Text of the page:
Beyond this, Hafeez noted that cognitive behavioral therapy is one of the most effective ways to treat ADHD but takes time to have an impact. ADDitude Magazine ― an outlet that provides information for folks living with the disorder ― described cognitive behavioral therapy as “brain training for ADHD.” The treatment can help adults with the condition change their way of thinking, while also addressing issues like time management and disorganization that many folks with ADHD face every day.

If you are well versed in these different solutions, don’t be afraid to employ them now. And if you’re not familiar with them, it’s a good idea to think about creating a multipronged approach to your treatment. That way, you’ll better manage amid any future shortages — or even if you forget your medicine on vacation.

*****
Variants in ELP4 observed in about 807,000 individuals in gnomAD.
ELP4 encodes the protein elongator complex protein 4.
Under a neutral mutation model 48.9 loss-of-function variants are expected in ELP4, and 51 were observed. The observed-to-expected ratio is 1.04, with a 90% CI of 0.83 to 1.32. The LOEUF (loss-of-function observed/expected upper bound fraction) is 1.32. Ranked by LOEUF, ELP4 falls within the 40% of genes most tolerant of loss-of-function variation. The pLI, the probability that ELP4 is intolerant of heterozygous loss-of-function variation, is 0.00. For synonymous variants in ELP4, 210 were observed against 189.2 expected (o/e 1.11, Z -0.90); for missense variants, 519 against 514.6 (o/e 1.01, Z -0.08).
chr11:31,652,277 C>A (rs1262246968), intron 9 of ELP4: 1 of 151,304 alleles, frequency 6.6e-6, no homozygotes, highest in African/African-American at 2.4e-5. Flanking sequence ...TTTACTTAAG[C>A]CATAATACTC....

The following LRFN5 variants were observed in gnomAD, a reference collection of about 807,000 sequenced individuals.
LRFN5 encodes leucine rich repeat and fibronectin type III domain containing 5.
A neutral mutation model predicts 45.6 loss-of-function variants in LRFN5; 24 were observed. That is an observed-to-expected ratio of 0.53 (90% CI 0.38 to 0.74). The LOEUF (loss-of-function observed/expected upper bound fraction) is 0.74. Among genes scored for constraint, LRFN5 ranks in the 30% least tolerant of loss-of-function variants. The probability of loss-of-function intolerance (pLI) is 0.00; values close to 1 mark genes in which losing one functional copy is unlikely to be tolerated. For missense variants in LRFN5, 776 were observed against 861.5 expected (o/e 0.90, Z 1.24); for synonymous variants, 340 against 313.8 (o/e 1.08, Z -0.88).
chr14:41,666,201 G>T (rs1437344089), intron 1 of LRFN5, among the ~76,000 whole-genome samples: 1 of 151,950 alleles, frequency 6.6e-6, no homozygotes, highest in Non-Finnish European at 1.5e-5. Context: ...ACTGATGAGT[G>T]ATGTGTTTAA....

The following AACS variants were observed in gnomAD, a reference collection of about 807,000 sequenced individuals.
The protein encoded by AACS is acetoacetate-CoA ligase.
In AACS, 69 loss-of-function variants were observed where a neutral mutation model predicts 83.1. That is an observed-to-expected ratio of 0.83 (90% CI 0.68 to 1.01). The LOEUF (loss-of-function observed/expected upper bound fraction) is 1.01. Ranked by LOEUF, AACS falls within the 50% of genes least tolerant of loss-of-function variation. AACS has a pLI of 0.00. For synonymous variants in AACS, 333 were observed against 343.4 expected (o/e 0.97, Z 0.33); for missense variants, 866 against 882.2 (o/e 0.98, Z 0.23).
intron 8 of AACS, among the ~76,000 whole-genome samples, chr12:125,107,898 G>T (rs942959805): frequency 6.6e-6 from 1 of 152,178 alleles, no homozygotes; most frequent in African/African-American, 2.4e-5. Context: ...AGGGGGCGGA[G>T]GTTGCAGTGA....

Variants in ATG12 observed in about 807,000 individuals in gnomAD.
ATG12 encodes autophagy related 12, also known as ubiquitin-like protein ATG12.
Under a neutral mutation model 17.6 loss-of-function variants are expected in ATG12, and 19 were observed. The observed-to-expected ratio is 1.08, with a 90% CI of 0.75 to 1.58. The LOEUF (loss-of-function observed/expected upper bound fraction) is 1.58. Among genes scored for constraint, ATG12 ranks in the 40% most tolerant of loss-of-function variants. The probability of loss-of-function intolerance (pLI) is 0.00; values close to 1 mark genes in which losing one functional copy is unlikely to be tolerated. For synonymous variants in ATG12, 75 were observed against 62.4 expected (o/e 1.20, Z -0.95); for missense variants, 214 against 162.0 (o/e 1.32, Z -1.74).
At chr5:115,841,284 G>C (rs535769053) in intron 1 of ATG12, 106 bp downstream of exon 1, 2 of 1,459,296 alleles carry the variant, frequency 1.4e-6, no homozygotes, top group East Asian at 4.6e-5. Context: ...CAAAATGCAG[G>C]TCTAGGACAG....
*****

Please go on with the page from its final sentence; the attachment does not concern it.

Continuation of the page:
“It’s wise to have a proper professional treatment plan that includes medication as one of the treatment plans but not the [entire] treatment plan,” Hafeez said.

Amid the shortage, reach out to your Adderall prescriber for treatment advice.
Jackyenjoyphotography via Getty Images
Amid the shortage, reach out to your Adderall prescriber for treatment advice.

Check with various local pharmacies

Ask your regular pharmacy if any other locations might have Adderall in stock, advised Lee, the University of Chicago professor. From there, you can ask your prescriber to send the prescription to where it can be filled.

“Pharmacies do get new stocks of medication but then run out,” Lee said. “Sometimes the pharmacist knows when new medication is arriving.”